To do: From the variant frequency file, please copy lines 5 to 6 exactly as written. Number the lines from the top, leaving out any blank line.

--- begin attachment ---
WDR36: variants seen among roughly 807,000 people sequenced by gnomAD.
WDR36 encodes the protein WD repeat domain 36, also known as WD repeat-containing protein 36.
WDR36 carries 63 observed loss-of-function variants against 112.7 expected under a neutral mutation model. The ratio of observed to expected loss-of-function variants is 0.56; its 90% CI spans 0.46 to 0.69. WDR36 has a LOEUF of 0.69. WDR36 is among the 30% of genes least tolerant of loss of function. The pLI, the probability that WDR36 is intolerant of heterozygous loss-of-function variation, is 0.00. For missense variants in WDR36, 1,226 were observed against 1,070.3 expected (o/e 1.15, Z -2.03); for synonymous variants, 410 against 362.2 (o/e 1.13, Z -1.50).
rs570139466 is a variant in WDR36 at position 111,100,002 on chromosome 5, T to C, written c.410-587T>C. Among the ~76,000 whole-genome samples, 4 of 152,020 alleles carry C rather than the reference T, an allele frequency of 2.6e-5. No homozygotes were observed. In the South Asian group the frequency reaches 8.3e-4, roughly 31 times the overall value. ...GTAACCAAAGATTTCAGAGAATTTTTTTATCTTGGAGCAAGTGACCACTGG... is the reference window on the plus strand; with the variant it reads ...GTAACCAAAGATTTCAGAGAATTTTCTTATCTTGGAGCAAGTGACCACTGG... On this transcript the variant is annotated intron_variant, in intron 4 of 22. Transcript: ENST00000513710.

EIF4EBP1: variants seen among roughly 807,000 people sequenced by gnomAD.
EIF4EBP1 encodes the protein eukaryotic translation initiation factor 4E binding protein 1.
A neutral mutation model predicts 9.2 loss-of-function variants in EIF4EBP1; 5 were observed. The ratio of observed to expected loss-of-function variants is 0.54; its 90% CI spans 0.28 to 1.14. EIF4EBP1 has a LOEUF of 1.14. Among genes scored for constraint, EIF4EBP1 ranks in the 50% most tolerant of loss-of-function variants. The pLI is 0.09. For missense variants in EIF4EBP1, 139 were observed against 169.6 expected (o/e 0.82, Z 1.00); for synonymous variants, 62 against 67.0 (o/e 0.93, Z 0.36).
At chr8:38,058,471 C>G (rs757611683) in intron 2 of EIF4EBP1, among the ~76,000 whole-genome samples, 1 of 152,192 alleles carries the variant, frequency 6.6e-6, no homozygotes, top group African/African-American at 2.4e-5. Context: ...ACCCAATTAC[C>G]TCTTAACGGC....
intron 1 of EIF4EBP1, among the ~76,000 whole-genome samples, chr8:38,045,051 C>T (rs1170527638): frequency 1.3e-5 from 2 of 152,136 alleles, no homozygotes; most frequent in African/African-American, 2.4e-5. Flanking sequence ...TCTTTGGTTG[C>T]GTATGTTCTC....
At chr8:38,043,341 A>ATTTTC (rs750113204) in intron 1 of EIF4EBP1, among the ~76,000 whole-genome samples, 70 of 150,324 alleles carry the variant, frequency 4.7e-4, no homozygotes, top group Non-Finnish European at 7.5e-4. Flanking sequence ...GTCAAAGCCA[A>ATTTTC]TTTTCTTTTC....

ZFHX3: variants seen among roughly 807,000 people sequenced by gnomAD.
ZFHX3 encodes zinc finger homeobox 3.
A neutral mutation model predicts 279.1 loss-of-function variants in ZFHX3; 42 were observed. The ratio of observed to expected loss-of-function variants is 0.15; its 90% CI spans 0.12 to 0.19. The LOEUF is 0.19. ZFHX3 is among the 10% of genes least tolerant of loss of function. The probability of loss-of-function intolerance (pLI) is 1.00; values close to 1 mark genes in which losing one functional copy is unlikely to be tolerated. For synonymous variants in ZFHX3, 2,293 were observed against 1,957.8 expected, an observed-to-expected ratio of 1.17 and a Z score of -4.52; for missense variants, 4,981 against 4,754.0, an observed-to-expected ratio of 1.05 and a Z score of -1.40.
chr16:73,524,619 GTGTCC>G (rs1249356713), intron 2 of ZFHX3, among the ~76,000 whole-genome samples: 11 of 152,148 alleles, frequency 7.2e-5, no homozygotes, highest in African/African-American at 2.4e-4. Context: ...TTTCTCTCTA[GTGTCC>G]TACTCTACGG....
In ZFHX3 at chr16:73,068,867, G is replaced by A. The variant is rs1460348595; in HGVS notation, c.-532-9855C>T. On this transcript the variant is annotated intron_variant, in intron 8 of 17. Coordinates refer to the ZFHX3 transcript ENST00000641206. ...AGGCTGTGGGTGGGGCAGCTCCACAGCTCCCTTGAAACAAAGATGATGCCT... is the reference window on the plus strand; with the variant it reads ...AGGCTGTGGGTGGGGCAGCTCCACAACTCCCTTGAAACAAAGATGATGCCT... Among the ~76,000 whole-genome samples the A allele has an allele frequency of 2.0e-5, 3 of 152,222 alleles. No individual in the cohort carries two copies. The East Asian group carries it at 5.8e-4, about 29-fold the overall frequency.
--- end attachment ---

EIF4EBP1: variants seen among roughly 807,000 people sequenced by gnomAD.
EIF4EBP1 encodes the protein eukaryotic translation initiation factor 4E binding protein 1.